Frustrated gamers are battling Ebay resellers with fake $50,000 bids and RTX 3080 'paper editions'

(Image credit: Ebay)

The first Ebay listing I see when I search "RTX 3080" is priced at $1,199.99. So far, 26 people have clicked Buy It Now on that card, paying hundreds of dollars more than Nvidia's MSRP for a GPU that won't ship out until early October. The listing has 140 1-star reviews. The second listing, though, is only $699.99—because the seller isn't actually trying to sell it. It's called "Nvidia GeForce RTX 3080 Render - Do Not Buy (Read Description)," and the description lays out exactly why it's there:

"This listing is for an 8.5x11" rendering of the NVIDIA GEFORCE RTX 3080. This is being listed at the RTX 3080 MSRP in order to bring attention to the issue of scalping. This is not a real GPU and will not work in your PC.


"Paying inflated prices only incentivizes the scalpers. Please be patient, wait for restocking of authorized retailers, and help the community dry up this grey market."

On the first page of 50 results, I counted nine fake listings for the RTX 3080, many of them cheekily calling themselves a "paper edition" of the new graphics card. If you sort by Price + Shipping: lowest first, though, it's a different story.

The first page is almost entirely fake listings, some of which have pretty amusing drawings or photos to drive home the trolling. There aren't currently enough of these fake RTX 3080s to drown out the hundreds of listings from people who bought up the initial stock just to turn around and sell them for a massive markup. But along with negative reviews, they're one way angry fans are trying to mess with dodgy resellers.

Most of the RTX 3080 models don't yet have a "product" listing from Ebay (which can be applied to any listing for that exact hardware), but the Zotac and Nvidia Founder's Edition models do. They've both been downvoted to 1-star status with reviews calling out dodgy resellers. It seems unlikely that these reviews will have any real impact on sales, but they're not the only way disgruntled PC gamers are protesting.

There are also outlandish bids on auction listings, some topping $3000 or $4000 dollars—even on some of the "paper edition" cards. Sorting auctions by highest bid, the current most expensive RTX 3080 is going for $80,000. Something tells me that payment's never coming through.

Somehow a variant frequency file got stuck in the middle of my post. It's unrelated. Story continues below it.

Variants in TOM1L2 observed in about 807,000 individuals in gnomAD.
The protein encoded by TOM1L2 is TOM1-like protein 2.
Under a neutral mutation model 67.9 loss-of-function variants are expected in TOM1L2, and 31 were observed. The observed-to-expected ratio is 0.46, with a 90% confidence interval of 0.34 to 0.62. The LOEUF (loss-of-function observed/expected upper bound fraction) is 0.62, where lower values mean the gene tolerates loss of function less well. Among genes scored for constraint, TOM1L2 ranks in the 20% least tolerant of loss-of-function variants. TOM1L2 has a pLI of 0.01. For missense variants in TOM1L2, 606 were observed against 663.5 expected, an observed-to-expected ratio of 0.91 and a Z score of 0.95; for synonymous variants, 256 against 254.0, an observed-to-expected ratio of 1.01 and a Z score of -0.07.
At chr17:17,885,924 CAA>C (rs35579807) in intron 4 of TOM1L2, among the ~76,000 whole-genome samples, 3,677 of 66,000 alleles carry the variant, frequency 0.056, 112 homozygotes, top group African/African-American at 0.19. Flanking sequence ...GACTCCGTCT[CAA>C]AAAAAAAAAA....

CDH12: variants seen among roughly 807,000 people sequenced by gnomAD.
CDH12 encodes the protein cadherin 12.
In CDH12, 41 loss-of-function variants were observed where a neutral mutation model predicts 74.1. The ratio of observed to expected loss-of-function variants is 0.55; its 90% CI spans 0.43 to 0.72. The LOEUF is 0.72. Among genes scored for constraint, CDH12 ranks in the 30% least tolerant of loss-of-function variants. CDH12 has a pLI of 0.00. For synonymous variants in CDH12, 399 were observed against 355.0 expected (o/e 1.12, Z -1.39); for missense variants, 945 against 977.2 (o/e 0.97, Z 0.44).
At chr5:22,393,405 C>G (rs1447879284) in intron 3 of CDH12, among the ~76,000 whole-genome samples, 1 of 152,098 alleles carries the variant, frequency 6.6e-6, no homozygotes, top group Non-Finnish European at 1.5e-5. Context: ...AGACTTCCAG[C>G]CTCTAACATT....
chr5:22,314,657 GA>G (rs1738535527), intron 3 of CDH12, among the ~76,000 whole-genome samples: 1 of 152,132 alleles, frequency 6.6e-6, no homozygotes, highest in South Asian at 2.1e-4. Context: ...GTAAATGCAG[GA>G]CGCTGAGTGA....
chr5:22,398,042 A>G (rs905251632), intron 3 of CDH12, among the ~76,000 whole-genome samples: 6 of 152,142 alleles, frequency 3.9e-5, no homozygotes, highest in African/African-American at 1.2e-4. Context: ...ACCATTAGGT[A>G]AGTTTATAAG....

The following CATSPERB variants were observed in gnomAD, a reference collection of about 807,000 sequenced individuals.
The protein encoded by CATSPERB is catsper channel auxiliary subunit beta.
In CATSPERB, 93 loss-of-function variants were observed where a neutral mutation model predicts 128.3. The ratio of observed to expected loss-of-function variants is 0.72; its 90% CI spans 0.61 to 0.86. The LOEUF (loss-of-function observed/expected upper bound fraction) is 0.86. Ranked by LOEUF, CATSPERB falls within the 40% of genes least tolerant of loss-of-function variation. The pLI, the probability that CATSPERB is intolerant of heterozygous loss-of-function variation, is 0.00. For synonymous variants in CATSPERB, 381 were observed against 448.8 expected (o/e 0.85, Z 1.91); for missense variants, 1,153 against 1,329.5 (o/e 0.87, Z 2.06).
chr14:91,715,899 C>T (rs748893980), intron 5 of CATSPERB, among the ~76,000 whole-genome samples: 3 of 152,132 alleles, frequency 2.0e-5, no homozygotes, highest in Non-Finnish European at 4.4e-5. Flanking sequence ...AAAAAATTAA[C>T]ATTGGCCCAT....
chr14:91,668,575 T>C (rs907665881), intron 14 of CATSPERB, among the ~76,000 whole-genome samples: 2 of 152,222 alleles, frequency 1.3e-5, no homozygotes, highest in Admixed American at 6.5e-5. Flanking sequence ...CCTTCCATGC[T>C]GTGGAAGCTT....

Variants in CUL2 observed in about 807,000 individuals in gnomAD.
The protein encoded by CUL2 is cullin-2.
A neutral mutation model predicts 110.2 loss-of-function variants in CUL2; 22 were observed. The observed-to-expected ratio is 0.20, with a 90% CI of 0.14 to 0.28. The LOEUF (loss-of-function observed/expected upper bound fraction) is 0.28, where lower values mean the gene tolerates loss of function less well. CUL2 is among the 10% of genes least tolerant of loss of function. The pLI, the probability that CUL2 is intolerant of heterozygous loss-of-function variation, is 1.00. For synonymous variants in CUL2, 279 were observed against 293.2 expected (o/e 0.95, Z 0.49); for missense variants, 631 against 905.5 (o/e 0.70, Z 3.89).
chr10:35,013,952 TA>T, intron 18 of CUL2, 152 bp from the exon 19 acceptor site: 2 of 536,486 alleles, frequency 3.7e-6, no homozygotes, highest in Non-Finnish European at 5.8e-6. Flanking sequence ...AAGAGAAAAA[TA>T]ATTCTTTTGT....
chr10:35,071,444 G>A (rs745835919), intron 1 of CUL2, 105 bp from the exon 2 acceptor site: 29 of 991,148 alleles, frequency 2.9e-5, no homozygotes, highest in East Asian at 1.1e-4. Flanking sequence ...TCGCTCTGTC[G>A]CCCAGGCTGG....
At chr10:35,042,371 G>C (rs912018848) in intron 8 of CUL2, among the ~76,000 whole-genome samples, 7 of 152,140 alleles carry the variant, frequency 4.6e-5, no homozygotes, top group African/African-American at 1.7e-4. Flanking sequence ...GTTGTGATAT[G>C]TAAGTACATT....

In a now-deleted thread on Nvidia's forums, circulated on Reddit, a poster claims to have written a bot to trawl Ebay and make fake, exorbitant bids on RTX 3080 auctions. It's hard to verify if this is actually happening—some of the extremely high bids are actually from established users with positive account feedback who have bought and sold items before. But others are from new accounts that are bidding for the first time, which could be bots or simply other people creating fake accounts to troll Ebay resellers.

Either way, they'll make some kind of impact—auctions will last for a few days and then have to be relisted, and it's possible that more RTX 3080 stock arriving at retailers will deny them some of the exorbitant sales they hoped for.

Those fake bids can't interfere with the Ebay scum who choose the Buy It Now Route instead of setting up auctions, but the three tactics combined are at least making it a little harder for dodgy accounts to turn a quick buck. And hey—even though the fake listings aren't truly intended to sell, I'd argue that they're just as legitimate as listings from people who are selling cards they don't even have in-hand yet. Maybe even more so. A reseller's order from Amazon or Best Buy could still be canceled, but I'm pretty sure that if I pay someone $2000 for a roll of RTX 3080 toilet paper, they're going to send it to me. 

Wes Fenlon
Senior Editor

Wes has been covering games and hardware for more than 10 years, first at tech sites like The Wirecutter and Tested before joining the PC Gamer team in 2014. Wes plays a little bit of everything, but he'll always jump at the chance to cover emulation and Japanese games.

When he's not obsessively optimizing and re-optimizing a tangle of conveyor belts in Satisfactory (it's really becoming a problem), he's probably playing a 20-year-old Final Fantasy or some opaque ASCII roguelike. With a focus on writing and editing features, he seeks out personal stories and in-depth histories from the corners of PC gaming and its niche communities. 50% pizza by volume (deep dish, to be specific).